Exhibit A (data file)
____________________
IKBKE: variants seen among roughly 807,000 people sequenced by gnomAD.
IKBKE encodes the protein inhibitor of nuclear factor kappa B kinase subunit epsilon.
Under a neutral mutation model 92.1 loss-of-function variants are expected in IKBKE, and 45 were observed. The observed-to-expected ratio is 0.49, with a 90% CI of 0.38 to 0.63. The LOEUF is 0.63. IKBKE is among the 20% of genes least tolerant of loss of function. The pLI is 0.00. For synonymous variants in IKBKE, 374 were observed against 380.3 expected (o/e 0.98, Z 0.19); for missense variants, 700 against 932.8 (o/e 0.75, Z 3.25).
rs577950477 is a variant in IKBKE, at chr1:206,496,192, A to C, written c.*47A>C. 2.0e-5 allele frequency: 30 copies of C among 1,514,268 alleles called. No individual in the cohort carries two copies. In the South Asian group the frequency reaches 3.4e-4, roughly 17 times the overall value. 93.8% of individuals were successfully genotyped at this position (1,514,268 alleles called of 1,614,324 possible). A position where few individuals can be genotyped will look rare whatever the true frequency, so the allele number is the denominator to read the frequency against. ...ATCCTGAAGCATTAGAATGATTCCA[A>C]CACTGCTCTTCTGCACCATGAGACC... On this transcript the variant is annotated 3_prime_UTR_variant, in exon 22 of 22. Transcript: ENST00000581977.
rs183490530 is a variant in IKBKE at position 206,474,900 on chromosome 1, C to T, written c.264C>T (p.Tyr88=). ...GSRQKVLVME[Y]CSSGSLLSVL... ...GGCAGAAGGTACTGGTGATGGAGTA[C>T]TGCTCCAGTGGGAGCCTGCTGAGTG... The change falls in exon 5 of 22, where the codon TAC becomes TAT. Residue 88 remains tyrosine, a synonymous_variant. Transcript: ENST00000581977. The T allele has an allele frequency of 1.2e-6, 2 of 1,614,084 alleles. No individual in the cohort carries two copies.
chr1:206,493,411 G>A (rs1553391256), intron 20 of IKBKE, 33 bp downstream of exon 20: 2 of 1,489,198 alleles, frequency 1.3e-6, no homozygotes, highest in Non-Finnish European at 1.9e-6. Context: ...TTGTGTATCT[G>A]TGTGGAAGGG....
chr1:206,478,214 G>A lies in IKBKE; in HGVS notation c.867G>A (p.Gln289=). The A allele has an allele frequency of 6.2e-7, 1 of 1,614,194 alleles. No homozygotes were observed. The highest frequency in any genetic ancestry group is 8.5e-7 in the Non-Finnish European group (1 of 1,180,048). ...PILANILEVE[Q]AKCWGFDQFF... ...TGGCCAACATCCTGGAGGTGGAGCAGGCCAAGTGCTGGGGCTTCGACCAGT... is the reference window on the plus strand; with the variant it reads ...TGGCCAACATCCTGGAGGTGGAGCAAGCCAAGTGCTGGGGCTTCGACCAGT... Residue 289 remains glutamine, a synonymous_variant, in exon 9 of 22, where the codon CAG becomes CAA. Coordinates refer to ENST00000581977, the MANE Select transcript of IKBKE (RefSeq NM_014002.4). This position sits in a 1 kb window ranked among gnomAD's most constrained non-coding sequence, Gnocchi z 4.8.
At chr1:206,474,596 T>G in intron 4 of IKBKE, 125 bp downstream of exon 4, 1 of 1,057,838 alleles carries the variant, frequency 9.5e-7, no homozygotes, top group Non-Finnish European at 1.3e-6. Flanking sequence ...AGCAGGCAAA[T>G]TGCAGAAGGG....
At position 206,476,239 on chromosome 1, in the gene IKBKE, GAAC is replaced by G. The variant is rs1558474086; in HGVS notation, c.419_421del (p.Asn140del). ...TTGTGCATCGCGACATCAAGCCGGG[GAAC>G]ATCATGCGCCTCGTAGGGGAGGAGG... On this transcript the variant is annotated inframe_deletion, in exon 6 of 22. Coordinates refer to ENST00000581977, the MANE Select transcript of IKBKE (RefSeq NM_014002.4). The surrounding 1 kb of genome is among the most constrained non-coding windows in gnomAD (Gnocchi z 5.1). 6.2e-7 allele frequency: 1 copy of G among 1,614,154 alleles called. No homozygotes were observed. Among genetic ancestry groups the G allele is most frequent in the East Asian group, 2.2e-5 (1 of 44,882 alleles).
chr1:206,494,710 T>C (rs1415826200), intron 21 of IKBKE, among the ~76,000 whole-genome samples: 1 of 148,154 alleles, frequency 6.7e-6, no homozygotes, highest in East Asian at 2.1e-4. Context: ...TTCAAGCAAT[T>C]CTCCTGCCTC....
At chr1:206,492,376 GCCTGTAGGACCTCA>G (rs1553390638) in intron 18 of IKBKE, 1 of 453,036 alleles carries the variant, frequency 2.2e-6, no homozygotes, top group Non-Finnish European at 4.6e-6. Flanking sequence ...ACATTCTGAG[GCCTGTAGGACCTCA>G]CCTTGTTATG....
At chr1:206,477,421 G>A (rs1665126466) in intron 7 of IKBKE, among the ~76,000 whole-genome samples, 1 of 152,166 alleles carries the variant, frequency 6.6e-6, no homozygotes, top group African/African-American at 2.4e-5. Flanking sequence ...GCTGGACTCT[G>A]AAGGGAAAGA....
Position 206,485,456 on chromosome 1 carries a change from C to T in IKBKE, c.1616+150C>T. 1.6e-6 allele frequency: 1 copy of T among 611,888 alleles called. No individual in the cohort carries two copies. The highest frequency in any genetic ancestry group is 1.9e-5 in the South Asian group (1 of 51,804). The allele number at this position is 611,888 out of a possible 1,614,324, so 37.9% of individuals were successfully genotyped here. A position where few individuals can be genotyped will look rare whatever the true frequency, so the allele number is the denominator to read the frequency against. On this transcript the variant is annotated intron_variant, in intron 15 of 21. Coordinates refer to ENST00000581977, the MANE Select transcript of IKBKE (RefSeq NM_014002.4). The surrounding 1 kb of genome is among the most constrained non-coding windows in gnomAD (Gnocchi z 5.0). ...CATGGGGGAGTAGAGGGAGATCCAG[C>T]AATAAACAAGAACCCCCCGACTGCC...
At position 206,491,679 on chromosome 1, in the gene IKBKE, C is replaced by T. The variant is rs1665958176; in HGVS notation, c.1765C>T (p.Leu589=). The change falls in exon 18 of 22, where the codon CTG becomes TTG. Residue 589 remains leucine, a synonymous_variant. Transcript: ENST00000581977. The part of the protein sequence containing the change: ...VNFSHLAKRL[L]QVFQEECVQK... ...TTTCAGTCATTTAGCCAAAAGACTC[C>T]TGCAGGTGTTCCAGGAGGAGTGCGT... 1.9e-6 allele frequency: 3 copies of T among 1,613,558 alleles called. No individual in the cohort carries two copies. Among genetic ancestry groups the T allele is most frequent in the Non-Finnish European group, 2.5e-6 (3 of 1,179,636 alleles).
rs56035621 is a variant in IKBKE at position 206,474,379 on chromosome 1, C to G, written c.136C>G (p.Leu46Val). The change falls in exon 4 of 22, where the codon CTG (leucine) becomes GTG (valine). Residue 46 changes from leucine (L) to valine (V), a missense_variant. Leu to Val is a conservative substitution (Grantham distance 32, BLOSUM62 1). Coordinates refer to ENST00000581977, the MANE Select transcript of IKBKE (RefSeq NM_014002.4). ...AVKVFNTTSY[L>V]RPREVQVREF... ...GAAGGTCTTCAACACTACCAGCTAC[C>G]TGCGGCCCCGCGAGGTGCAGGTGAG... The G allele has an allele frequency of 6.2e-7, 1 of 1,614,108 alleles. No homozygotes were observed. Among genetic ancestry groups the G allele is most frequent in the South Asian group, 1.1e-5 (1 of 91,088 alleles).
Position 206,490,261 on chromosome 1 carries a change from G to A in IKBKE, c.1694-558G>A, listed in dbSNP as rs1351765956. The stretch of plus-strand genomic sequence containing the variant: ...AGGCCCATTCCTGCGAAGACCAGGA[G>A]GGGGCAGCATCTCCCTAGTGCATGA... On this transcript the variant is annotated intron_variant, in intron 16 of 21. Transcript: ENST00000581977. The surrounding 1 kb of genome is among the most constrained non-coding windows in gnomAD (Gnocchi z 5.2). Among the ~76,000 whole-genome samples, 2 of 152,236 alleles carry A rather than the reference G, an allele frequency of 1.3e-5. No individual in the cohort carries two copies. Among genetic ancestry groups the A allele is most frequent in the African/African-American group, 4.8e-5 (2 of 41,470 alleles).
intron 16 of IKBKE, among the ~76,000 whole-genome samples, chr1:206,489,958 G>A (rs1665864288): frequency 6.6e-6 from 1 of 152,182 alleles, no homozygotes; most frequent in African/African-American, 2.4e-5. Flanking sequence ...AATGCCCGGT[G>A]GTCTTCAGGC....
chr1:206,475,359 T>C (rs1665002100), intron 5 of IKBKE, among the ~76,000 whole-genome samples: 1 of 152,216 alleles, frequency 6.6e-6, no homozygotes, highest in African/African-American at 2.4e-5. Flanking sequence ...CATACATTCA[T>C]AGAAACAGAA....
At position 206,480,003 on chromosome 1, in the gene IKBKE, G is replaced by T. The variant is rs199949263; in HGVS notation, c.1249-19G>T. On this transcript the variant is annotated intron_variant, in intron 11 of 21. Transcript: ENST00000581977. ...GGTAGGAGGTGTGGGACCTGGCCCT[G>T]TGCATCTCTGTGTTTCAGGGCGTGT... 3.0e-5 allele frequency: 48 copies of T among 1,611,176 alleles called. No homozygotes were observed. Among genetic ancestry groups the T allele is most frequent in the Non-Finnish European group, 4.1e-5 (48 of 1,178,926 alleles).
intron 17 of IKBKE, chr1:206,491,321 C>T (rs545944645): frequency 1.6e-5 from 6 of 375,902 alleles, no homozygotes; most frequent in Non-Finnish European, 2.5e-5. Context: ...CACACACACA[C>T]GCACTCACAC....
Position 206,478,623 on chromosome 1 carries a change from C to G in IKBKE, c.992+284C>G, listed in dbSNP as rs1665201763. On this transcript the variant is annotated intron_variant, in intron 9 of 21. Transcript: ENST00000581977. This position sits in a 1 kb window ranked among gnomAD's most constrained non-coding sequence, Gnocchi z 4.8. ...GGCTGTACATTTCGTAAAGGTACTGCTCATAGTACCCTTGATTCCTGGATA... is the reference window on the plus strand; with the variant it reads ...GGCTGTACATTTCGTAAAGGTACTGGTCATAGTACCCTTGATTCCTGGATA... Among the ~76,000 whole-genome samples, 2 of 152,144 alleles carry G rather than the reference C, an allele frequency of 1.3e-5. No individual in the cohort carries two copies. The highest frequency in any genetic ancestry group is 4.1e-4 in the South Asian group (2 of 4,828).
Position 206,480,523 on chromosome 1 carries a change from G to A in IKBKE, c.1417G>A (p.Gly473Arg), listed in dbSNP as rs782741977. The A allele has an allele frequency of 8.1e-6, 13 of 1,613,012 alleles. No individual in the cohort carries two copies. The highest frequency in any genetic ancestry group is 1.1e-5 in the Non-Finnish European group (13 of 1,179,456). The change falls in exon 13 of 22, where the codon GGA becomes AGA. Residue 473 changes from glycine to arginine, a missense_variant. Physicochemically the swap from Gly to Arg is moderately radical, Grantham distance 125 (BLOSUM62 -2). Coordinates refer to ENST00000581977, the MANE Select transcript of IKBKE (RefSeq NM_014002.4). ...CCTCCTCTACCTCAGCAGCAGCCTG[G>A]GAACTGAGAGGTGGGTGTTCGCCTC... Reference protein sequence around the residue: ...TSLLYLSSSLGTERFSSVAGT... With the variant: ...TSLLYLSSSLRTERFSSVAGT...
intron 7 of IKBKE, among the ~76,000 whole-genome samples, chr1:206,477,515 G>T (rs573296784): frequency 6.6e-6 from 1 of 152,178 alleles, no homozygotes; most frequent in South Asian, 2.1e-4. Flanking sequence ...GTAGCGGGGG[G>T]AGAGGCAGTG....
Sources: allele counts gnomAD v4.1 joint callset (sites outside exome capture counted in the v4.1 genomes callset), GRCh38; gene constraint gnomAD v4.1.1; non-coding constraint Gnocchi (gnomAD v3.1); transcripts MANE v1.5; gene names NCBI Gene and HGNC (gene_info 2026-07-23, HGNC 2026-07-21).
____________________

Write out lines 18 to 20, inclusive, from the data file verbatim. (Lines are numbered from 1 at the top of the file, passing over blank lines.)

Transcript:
chr1:206,475,359 T>C (rs1665002100), intron 5 of IKBKE, among the ~76,000 whole-genome samples: 1 of 152,216 alleles, frequency 6.6e-6, no homozygotes, highest in African/African-American at 2.4e-5. Flanking sequence ...CATACATTCA[T>C]AGAAACAGAA....
At position 206,480,003 on chromosome 1, in the gene IKBKE, G is replaced by T. The variant is rs199949263; in HGVS notation, c.1249-19G>T. On this transcript the variant is annotated intron_variant, in intron 11 of 21. Transcript: ENST00000581977. ...GGTAGGAGGTGTGGGACCTGGCCCT[G>T]TGCATCTCTGTGTTTCAGGGCGTGT... 3.0e-5 allele frequency: 48 copies of T among 1,611,176 alleles called. No homozygotes were observed. Among genetic ancestry groups the T allele is most frequent in the Non-Finnish European group, 4.1e-5 (48 of 1,178,926 alleles).
intron 17 of IKBKE, chr1:206,491,321 C>T (rs545944645): frequency 1.6e-5 from 6 of 375,902 alleles, no homozygotes; most frequent in Non-Finnish European, 2.5e-5. Context: ...CACACACACA[C>T]GCACTCACAC....